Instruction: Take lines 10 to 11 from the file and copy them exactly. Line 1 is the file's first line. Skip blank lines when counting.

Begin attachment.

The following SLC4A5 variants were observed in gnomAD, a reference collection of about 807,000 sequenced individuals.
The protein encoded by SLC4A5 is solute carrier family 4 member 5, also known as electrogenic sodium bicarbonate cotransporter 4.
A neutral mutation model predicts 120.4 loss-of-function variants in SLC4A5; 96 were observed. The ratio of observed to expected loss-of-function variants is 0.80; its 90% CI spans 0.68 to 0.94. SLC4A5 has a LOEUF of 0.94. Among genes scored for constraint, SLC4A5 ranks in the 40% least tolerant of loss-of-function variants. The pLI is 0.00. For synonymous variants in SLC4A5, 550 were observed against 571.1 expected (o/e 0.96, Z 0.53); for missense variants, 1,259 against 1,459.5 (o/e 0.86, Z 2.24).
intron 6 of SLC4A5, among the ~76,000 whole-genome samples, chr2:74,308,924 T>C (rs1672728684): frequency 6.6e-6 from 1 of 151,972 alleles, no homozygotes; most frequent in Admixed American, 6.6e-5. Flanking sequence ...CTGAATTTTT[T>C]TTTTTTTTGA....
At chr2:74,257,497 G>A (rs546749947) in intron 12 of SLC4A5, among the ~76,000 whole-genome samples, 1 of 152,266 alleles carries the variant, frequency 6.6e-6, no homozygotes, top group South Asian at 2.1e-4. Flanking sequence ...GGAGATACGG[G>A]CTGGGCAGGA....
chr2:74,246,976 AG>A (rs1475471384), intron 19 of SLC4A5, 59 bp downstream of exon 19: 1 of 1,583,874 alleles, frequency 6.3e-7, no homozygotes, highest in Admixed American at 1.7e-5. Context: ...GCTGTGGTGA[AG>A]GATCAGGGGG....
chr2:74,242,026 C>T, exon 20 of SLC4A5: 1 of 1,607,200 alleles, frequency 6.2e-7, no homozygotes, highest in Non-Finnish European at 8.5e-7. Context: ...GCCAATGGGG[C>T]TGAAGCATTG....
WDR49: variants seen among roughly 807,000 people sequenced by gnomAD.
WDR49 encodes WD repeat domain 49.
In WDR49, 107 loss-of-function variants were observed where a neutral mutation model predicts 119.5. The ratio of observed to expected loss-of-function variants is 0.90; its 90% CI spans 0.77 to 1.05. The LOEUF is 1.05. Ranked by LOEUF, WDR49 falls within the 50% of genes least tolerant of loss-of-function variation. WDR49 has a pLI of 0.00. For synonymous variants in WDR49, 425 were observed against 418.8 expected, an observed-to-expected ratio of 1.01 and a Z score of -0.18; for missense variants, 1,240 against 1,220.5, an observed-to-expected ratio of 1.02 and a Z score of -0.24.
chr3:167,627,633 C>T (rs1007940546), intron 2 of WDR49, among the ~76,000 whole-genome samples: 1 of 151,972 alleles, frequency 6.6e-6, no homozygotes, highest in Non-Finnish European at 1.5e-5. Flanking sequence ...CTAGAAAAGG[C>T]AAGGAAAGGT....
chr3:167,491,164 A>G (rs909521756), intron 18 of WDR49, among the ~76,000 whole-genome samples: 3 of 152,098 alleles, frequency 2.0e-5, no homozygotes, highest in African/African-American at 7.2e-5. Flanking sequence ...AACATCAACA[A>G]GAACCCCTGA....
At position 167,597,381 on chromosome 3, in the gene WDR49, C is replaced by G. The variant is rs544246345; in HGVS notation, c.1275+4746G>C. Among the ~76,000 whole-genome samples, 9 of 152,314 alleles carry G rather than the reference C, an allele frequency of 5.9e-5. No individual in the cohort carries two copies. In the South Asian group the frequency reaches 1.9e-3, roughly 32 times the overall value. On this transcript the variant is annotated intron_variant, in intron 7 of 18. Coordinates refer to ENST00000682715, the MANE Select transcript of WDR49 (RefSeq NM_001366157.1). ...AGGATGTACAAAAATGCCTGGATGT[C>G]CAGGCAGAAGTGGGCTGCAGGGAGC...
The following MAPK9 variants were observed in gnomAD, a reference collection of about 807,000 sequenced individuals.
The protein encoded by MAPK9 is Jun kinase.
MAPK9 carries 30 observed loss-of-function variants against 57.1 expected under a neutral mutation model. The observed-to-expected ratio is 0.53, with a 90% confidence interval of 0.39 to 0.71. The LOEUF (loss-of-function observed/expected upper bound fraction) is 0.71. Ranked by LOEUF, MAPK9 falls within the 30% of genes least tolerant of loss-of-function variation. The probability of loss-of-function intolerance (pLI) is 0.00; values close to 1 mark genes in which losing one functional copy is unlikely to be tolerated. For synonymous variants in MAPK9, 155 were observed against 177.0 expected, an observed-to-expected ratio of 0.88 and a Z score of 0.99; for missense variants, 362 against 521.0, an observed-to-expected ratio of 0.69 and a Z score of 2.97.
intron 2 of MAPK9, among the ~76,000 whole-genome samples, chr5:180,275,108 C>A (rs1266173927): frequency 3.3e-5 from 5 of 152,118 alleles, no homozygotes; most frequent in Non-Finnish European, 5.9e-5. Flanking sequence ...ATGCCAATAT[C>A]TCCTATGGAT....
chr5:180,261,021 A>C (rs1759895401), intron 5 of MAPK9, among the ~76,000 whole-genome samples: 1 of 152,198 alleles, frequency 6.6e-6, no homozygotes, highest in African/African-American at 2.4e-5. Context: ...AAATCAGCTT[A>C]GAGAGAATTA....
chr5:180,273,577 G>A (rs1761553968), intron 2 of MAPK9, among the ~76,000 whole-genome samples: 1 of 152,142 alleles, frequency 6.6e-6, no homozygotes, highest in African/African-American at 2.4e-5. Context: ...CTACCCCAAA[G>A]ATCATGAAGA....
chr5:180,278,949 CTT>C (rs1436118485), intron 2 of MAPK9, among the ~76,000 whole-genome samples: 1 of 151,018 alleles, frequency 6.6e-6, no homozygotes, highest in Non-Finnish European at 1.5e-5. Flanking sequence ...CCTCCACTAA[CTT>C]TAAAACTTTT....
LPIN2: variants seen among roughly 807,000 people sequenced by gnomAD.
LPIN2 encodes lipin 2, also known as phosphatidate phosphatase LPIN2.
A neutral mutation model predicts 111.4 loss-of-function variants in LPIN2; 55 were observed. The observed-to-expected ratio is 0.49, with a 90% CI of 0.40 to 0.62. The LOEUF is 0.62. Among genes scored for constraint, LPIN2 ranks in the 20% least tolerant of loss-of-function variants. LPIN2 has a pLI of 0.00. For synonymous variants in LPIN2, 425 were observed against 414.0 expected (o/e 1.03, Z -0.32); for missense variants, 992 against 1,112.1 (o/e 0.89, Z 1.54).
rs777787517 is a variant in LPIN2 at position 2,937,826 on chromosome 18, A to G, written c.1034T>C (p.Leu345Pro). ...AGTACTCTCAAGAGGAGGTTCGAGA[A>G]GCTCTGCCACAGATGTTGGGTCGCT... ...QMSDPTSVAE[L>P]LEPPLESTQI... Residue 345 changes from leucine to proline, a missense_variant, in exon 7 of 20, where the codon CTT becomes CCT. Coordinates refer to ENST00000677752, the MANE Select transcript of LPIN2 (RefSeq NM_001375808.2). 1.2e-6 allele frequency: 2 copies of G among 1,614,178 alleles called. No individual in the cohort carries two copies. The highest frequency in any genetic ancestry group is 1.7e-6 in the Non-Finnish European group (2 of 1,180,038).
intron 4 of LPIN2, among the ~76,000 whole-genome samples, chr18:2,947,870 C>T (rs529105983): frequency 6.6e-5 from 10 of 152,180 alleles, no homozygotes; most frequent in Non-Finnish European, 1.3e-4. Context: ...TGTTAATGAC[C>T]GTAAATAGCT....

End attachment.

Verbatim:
In WDR49, 107 loss-of-function variants were observed where a neutral mutation model predicts 119.5. The ratio of observed to expected loss-of-function variants is 0.90; its 90% CI spans 0.77 to 1.05. The LOEUF is 1.05. Ranked by LOEUF, WDR49 falls within the 50% of genes least tolerant of loss-of-function variation. WDR49 has a pLI of 0.00. For synonymous variants in WDR49, 425 were observed against 418.8 expected, an observed-to-expected ratio of 1.01 and a Z score of -0.18; for missense variants, 1,240 against 1,220.5, an observed-to-expected ratio of 1.02 and a Z score of -0.24.
chr3:167,627,633 C>T (rs1007940546), intron 2 of WDR49, among the ~76,000 whole-genome samples: 1 of 151,972 alleles, frequency 6.6e-6, no homozygotes, highest in Non-Finnish European at 1.5e-5. Flanking sequence ...CTAGAAAAGG[C>T]AAGGAAAGGT....